State-Level Variations in Healthcare Financing in the United States
International Journal of Applied Economics, 13(2), September 2016, 46-73
36 Pages Posted: 15 Sep 2015 Last revised: 5 Mar 2018
Date Written: September 10, 2015
Healthcare spending (total) in the United States (US) is the highest in the world. As state governments are a vital driver of healthcare implementation and as healthcare policy responses in containing healthcare expenses vary among states based on the underlying state-level factors, it is critical to examine state-level variations in healthcare funding.
The aim of the study was to evaluate the state-level variations in healthcare financing and the factors that affect financing of healthcare. This research used publicly available data from 2001 to 2009.
Fixed effect analysis reported that state-level variations in public financing of health care (Medicare and Medicaid) are associated with demographic composition (proportion of the female population, percentage of individuals over age 65, percentage of Hispanic population), economic factors (unemployment rate, per capita gross domestic product (GDP) of the state, per capita state tax revenue, FMAP rate), political climate (percentage of individuals enrolled in Medicare or Medicaid, rate of enrollment in HMO), healthcare supply factors (active physicians per 100,000 population, number of hospitals and beds) and healthcare needs (obesity rate). Additionally, variations in state-level private insurance financing was proportional to the economic factors (rate of federal funding, per capita state GDP), a supply side factor (active physicians per 100,000 population), political climate (percentage of individuals enrolled in Medicare or Medicaid) and healthcare needs (obesity rate). Lastly, state-level variations in out of pocket expenditures were associated with economic factors (per capita state tax revenue, per capita state GDP), demographic factors (percentage of African-Americans, percentage of female population, percentage of elderly population (aged 65 and above), percentage of Hispanic individuals, proportion of the population below age 17), a supply side factor (active physicians per 100,000 population), political characteristics (percentage of individuals enrolled in Medicare or Medicaid) and healthcare needs (obesity rate).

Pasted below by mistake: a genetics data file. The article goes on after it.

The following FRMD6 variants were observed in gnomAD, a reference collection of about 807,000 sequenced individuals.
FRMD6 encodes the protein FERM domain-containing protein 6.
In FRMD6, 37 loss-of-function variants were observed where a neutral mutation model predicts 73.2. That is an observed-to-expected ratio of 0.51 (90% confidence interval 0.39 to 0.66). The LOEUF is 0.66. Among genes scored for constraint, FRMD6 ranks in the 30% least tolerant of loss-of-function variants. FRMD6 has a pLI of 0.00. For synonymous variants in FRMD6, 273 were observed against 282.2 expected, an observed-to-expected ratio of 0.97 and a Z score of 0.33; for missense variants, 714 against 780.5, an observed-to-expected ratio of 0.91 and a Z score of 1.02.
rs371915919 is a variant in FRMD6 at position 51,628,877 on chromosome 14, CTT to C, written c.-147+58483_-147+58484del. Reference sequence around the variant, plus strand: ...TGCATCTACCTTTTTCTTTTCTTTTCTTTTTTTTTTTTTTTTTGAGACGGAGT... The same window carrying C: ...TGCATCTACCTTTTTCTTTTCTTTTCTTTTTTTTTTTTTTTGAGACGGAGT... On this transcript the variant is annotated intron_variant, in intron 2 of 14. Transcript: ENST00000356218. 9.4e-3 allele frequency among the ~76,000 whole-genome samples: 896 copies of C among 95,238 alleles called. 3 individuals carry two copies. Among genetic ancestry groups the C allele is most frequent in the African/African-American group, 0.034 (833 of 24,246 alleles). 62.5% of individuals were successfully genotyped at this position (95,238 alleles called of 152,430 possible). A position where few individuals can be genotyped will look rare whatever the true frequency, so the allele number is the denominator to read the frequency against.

Therefore’ findings of the study specified the need for convergence of the two sectors: communities and health. Promoting health with synergistic efforts from the economic, social and health sectors of the economy at the state-level can lead to improved health outcomes and lower healthcare expenditures and financing.
Keywords: healthcare financing, panel, state level, public, out-of-pocket, private
JEL Classification: I100, I130, H710, I180, C180, C120
Suggested Citation: Suggested Citation